My return to Austin has been great. I am so happy to be home and touching base with my friends and colleagues here in town while settling back into some good health-building regimes for myself. So all that has been wonderful. My return has also been marked by some various upsets within the yoga community relative to teaching schedules, studio management and so forth. I have been having some interesting talks with our community of teachers. Mine is an interesting role to be in, in a way.
I certainly have a leadership role here in the world of Anusara Yoga- Austin and I think that is wonderful, and yet, I am essentially without any really authority here because while I have seniority within the system of yoga I teach, I am simply another employee when it comes to decisions of who teaches when and where and so forth. And as much as I dream (and many of us dream) about a centralized "location" for Anusara Yoga here in Austin, it seems quite illusive to me still. I have no intention or desire to establish or run a studio and so that is certainly not a solution to what is going on. And while we are growing into such an awesomely diverse and talented community, we remain somewhat de-centralized and spread out. So much so, in fact, that I think I may really re-work my intention I have had for the last 4 years relative to the aim of us having an actual home. That actually sounds more ominous than it feels as I have no plans to change anything that I am doing here in any external way. I am very happy with my teaching life here in Austin. Unbelievably so. My classes are full of great students and teachers and I am supported very delightfully by the studios where I teach and I feel like I work for great people. It just seems to me that working for a centralized "home" for Anusara Yoga in this particular community may not be the best orientation for my focus and my efforts.
I am reading a book Good to Great about such things like getting clear on goals and focusing very specifically on one's work with clarity, dedication and exacting standards. This is actually a business book about companies that went from, as the name suggests, good to great. The author says that one of the main things that holds companies back from being great is generally that they are already good. He says that being a good company is not so hard but being a great company is exceedingly difficult and most people will simply settle for good. Anyway, it's an interesting read relative to business yet the principles have amazing application for our personal lives and lives of sadhana, I think. At least its giving me an interesting framework to look at my choices and to engage some strategic planning.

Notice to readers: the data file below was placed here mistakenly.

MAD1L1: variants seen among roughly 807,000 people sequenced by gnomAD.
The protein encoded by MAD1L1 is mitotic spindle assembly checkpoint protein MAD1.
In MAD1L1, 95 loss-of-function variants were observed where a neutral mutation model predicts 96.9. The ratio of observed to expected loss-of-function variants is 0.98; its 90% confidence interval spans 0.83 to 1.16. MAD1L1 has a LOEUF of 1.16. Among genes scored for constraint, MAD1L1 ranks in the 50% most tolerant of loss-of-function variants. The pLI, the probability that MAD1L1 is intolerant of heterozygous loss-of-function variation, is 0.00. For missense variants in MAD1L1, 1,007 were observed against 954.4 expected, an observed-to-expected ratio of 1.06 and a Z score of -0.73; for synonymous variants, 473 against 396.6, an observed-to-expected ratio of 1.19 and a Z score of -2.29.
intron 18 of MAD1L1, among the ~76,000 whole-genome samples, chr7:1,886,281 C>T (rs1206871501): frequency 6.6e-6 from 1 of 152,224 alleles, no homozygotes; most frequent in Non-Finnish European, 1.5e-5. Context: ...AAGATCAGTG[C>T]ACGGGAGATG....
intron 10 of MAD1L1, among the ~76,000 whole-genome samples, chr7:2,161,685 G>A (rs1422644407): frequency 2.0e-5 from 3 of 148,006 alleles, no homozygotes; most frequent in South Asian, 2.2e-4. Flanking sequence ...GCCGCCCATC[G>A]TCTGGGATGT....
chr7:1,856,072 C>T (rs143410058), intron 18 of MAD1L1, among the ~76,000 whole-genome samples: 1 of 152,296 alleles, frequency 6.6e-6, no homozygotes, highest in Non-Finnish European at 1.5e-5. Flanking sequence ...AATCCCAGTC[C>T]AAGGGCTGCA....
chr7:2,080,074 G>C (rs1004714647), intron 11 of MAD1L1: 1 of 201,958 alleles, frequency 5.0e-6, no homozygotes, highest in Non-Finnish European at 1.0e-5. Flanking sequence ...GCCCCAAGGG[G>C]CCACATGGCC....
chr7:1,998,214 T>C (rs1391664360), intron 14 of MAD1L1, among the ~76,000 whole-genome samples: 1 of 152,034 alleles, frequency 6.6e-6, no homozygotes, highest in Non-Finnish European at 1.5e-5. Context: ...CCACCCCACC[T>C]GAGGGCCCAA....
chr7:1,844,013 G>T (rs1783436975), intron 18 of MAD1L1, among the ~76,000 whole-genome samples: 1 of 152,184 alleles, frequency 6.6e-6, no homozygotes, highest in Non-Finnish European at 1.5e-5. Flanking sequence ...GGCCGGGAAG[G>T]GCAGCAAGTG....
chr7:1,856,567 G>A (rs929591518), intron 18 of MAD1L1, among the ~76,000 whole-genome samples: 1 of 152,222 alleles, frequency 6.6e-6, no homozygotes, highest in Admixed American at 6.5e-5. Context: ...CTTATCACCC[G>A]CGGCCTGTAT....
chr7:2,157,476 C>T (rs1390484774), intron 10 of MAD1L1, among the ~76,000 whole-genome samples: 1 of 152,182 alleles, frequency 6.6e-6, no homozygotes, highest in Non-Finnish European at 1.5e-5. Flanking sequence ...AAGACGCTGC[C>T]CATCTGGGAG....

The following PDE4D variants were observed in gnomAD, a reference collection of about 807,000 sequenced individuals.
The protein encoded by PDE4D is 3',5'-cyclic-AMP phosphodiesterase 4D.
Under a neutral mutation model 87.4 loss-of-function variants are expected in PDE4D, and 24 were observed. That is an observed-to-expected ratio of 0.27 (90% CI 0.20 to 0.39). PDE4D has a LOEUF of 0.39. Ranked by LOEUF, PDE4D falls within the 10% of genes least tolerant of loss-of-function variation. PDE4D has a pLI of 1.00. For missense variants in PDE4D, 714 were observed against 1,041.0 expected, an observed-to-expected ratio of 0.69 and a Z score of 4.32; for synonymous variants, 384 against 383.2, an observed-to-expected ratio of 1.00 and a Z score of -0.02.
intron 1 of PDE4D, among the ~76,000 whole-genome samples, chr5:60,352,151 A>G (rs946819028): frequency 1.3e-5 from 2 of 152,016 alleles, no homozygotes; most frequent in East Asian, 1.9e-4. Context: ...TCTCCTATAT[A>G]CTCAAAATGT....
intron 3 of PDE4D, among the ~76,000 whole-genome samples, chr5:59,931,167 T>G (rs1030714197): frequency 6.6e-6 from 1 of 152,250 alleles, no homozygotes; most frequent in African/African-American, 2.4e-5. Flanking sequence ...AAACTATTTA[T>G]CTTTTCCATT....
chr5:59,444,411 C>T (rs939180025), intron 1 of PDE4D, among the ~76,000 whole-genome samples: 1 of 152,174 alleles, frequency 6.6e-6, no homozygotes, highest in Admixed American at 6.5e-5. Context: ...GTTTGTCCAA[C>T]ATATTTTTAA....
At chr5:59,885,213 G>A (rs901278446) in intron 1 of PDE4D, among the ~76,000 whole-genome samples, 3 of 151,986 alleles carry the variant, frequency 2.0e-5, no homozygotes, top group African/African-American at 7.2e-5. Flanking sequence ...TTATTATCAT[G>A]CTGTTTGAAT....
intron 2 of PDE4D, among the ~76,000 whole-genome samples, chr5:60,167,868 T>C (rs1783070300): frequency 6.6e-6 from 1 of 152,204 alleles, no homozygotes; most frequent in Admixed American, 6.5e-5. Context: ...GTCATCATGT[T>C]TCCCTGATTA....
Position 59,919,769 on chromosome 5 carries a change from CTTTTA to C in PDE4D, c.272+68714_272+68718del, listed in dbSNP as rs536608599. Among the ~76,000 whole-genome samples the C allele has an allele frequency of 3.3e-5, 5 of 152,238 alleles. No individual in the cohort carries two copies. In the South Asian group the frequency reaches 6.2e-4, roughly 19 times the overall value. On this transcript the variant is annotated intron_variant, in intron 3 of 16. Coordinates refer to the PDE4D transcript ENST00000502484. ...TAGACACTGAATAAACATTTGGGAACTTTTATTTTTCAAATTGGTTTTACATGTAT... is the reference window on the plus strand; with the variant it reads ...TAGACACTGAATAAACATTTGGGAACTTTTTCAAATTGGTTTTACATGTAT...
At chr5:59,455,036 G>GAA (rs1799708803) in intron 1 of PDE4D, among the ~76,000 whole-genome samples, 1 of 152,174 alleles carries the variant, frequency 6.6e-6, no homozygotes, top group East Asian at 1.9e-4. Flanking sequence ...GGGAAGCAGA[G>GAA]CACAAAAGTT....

One thing that I am thinking a lot about is really, what is my business, exactly? I mean sure, I teach yoga. That is obvious. But there are really a lot of arms to what Christina Sell Yoga is and does. One very illusive arm is this community-building aspect here in Austin. I actually know that the community building is happening. I can feel it, I can see it. Its more that I am having to look at what is actually happening and what is realistic over and above what I have wanted to happen or think should've, would've, could've happened. And I think this examination and review is a very healthy process to be in. It seems that for me, there is this spanda of sorts between a high vision of Greatness and the clarity needed to understand where we are now and what is actually possible and "right" in a way.
I think that's the thing that is tricky about going from Good to Great. The Greatness the author of the book is talking about is not some pie-in-the-sky kind of dream state that lacks backbone and grounding in reality. Greatness is relative to capacity, relative to what is wanted and needed, and relative to one's dharma, if you will. (The author does not use that language but for us yogi's I think that is what he is basically saying. ) Going from Good to Great and elevating oneself or one's business from mediocrity to greatness is not about engaging some perfectionist self-improvement plan or anything like that. It does, however, involve a sober self-review of one's strengths and weaknesses while being 100%dedicated and unwavering relative to one's aim. In business it is as much about choosing what not to do as it is about deciding what to do specifically.
Anyway, more could be said and one thing we all know by now about Christina Sell is that more will be said. One very important thing I want to note is that being part of the Austin yoga community is a lot of fun. We are a diverse, talented and creative bunch of folks here in Capital City and there is no where else I would rather be.